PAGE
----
I am SO excited that starting mid-August we are breaking ground on our sunroom renovation (shown above in the book)! This will be the FINAL bit we do to this house before selling it (probably in the next 2-4 years) but we all agree its going to be a great investment in the property and one that really changes how we live in the house now that we have a tiny toddler running around messing up all our stuff. :)
Right now the sunroom is not heated or air conditioned and clad in leaky old sliders with peeling laminate flooring. Really, not much of it can be salvaged so we are just knocking it down and re-building it, but 5 feet deeper and with a vaulted ceiling so it can serve as our family room. We’re toying with making the fireplace double sided so you can see it from the living room or family room too, which would be pretty cool. And since these drawings were done (by my dad’s architectural firm), we actually decided to eliminate the sliding glass door and instead copy the windows on the opposite wall to give us more wall space for toy storage.
I may design homes for a living, but that does not mean I’m immunized against making mistakes. Actually, I make the most mistakes when working on my own homes- mostly because I’m overwhelmed by options and ideas and make decisions on the fly instead of with careful consideration, as I do when working for someone else. “Ehhh, that’ll fit- we don’t need to measure” is a phrase that now gives me chills.
This weekend I began cataloguing some of the things I wish I had done differently in my renovations. Most of them are from our first phase of the renovation right after buying our house, I think I had learned a lot by the second phase (still obsessed with my master suite). But in life some of the best lessons come from examining your failures as to not repeat them again! So here we go:
1) My Kitchen Faucet
From the beginning Andrew wanted a pull down spray faucet with a single lever instead of the separate hot and cold handles. I, of course, love the look of widespread handles and went that direction- beauty over function, a common designer downfall. Now with a baby (and after a couple years of use), I fear I maybe should have listened to Andrew. The issue still stands that finding an attractive single lever, pull down spray faucet is very hard- but there are some good options here, here and here. This is tough to remedy now that we have four holes drilled in our countertops so I think I’m stuck for now. At least it’s pretty (and MAN do I still love my Blanco sink– the BEST!)
We completed the renovation of our basement the week before Henry was born, but it’s taken me until now to get it really ready to show you- obviously I’ve had a lot on my plate! We are SO, so happy with how this turned out- aesthetically and functionally! Andrew is no longer working from home as of next week, but having a home office is so wonderful as is creating a little playroom/ den for Henry. He’s not using it much now, but I know he will! And if Andrew wants to watch a football game with friends (and I don’t), this space is awesome. A big thanks to Lowes and DM Painting & Carpentry for doing the dirty work with a smile (they are GREAT).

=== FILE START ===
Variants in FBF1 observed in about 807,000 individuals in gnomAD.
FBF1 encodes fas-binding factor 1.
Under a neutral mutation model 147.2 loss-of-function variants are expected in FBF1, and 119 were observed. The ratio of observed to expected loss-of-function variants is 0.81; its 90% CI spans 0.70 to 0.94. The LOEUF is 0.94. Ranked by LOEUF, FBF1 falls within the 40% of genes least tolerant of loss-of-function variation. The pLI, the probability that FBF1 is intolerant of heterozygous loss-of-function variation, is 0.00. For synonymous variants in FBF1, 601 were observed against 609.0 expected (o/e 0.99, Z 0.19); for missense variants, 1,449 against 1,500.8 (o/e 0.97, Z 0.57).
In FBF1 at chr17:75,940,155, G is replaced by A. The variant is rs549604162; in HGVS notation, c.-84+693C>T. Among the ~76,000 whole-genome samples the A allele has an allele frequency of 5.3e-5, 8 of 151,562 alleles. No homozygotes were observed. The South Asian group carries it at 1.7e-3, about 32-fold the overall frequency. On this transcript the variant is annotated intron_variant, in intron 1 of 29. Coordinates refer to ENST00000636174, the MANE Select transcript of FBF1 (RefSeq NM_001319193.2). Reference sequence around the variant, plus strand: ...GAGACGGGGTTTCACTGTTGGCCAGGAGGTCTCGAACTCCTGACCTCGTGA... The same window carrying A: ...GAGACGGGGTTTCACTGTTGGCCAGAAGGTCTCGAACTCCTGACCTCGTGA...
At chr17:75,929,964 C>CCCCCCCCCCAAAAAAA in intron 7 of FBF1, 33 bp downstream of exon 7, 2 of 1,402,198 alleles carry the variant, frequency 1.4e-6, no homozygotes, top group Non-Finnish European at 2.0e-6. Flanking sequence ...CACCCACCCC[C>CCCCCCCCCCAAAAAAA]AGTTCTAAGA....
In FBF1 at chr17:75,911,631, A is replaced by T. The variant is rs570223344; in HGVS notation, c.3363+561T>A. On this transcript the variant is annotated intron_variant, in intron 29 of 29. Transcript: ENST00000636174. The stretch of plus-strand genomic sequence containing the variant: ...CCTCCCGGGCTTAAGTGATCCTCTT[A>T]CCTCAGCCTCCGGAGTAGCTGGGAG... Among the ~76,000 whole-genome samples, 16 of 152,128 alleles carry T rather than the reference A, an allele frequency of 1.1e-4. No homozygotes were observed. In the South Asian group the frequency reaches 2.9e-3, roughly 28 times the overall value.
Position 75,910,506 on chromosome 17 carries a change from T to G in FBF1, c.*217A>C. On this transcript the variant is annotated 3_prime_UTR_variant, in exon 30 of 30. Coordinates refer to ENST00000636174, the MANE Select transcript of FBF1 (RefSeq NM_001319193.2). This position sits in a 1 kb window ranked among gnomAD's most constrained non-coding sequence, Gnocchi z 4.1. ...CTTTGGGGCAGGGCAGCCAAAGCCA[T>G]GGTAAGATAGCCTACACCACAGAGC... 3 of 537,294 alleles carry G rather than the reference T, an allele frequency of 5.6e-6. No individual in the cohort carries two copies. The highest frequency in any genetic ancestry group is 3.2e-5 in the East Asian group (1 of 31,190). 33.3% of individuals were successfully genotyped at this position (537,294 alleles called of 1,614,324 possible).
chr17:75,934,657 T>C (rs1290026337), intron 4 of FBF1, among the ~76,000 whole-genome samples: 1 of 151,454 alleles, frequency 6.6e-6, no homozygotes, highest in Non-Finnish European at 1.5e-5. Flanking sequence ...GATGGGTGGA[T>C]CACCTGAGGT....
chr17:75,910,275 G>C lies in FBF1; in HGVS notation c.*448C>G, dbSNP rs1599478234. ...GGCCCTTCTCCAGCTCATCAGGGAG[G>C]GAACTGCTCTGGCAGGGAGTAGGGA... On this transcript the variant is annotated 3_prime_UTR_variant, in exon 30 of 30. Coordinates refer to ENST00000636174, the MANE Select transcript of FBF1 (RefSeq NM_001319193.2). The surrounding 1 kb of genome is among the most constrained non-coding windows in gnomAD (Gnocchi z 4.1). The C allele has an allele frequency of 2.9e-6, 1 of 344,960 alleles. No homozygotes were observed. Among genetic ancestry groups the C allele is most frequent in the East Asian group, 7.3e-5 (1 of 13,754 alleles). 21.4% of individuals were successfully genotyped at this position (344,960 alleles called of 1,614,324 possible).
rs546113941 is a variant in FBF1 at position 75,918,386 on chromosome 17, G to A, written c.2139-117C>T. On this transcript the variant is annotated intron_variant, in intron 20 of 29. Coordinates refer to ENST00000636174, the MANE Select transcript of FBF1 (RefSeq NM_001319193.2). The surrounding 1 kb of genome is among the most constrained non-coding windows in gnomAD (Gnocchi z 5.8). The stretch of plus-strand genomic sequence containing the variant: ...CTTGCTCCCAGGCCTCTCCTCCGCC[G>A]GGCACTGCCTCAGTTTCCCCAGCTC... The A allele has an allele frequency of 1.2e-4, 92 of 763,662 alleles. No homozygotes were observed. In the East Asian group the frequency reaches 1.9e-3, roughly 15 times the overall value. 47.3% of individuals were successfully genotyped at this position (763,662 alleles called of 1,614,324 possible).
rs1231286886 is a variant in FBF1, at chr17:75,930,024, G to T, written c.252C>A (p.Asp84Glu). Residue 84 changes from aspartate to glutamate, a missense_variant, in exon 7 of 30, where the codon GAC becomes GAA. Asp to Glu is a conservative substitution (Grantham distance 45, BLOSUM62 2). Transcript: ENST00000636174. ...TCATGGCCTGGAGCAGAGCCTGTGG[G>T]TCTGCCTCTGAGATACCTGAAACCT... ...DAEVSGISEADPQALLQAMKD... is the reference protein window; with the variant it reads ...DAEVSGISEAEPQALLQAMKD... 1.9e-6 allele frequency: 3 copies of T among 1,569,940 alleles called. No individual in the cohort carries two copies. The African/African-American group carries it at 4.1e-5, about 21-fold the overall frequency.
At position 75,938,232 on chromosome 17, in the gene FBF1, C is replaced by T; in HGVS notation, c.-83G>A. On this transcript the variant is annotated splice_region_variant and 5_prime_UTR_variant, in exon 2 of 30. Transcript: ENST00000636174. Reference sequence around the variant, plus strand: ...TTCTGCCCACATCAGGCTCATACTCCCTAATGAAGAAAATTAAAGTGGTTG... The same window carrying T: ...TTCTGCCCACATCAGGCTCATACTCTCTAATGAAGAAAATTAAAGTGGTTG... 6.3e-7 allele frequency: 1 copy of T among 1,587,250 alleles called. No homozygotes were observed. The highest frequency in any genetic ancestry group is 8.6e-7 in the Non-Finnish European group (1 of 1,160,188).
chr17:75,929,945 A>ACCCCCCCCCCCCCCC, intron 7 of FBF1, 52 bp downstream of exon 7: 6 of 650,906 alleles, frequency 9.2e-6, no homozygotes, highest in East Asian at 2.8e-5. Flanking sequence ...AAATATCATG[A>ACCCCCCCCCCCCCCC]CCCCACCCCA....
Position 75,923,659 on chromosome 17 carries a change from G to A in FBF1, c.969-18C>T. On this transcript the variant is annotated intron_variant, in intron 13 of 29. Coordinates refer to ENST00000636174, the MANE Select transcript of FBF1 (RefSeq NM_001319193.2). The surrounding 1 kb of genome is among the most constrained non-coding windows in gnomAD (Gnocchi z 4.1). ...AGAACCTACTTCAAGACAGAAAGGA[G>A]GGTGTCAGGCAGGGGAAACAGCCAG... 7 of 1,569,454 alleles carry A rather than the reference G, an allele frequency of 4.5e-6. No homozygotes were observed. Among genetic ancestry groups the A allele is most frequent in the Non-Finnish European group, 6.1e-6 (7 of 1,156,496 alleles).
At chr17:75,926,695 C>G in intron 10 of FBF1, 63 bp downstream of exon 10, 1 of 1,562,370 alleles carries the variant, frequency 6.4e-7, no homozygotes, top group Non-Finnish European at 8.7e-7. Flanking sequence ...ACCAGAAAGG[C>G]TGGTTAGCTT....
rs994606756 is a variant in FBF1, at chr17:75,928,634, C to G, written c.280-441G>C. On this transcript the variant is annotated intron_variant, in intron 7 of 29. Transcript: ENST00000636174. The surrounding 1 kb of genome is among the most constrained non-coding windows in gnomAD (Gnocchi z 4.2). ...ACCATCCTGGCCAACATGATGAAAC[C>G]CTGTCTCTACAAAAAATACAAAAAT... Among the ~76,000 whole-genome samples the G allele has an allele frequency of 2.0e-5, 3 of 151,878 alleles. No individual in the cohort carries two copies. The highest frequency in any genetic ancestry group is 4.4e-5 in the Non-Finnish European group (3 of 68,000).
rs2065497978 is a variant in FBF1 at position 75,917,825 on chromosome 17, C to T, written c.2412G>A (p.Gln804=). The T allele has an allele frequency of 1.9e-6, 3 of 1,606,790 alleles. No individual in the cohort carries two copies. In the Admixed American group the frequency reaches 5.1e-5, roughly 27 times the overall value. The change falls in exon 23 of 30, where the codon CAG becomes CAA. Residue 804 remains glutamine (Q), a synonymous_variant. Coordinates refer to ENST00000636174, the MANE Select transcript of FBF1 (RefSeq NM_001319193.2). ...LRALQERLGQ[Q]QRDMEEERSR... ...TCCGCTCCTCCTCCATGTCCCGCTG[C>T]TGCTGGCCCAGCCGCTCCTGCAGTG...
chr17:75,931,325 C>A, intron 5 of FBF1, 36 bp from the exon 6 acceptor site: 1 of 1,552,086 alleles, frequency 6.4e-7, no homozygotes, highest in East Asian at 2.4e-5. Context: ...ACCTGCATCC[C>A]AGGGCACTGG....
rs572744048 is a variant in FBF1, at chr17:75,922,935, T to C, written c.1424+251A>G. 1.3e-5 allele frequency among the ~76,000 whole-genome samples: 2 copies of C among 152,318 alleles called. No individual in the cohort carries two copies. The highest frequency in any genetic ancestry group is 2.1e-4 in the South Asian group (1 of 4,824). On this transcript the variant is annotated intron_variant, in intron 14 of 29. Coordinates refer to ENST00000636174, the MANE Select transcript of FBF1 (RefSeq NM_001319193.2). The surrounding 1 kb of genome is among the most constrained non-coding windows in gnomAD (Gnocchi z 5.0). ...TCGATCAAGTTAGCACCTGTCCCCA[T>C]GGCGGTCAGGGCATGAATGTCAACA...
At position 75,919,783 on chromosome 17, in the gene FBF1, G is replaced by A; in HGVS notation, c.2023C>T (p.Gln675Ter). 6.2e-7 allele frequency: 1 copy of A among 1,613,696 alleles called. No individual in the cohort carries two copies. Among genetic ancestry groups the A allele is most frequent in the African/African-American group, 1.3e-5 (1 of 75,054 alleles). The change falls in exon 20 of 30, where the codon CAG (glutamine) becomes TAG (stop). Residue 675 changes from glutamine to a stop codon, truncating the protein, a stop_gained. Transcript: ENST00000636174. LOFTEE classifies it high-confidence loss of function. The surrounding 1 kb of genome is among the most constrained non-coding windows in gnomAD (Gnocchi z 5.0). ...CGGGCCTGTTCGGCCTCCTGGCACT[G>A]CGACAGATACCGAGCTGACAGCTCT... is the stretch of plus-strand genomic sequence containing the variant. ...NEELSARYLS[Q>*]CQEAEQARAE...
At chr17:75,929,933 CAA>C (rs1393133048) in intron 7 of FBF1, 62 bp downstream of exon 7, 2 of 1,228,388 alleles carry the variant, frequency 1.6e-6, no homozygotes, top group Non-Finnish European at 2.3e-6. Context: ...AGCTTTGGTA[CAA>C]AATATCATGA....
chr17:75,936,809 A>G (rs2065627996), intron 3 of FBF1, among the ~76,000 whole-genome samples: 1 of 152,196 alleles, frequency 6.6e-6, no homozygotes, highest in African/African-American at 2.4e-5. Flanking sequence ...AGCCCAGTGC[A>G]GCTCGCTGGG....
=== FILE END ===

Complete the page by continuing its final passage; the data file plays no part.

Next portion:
You might notice a similar color scheme as our living room upstairs- and this is because I re-homed our pillows from the sofa down here as I prepare a little update to that space (going with blues!) But for down here we needed to be budget friendly so we re-used items we had in other rooms/ storage and got the rest at IKEA, Target and Etsy mainly!
So here it is!
rug // coffee table // sofa // wall color- Sherwin Williams for Lowes-Modernist Gray
As I mentioned I’ve been Extreme Nesting- some of it totally just because I want to and some of it necessary. One renovation project I wasn’t planning to tackle right this minute was our ugly, old front walk and stairs. But then our brick stairs basically crumbled to dust. And I figured, well that can’t be too safe with all our visitors coming to see the baby, so let’s see if we can just repair them. Turns out, the crumbling old brick and concrete was so far gone we would have to rebuild. And since we would have to rebuild them it made sense to do it how we’d like them- in granite slab, and replace the purple and maroon walkway stone with bluestone. Not a easy nor affordable “surprise” fix, but as I always say to my clients- why do it cheaply when you KNOW down the road you’ll want to do it right and then you’ve ended up spending more! If you can, just rip the band-aid off fast and do it right the first time. But this one stung, as you know, masonry work is NOT cheap. Not by a mile!
(I also love how my chartreuse door looks with my leopard stair runner!)
We are closing in on the end of the construction phase of our basement renovation with Lowes Home Improvement! It’s been awesome working with DM Painting and Carpentry on this- total pros with a can-do attitude, which I love (highly recommend these guys). We had some big projects- like the addition of our egress window which involved some insanely big saws to cut a big hole in the foundation- but when building code calls for it, you must answer! We’ve added new electrical, lighting, windows, plaster and today and in the next few days they will install the vinyl plank flooring, little “bar” area and paint the space!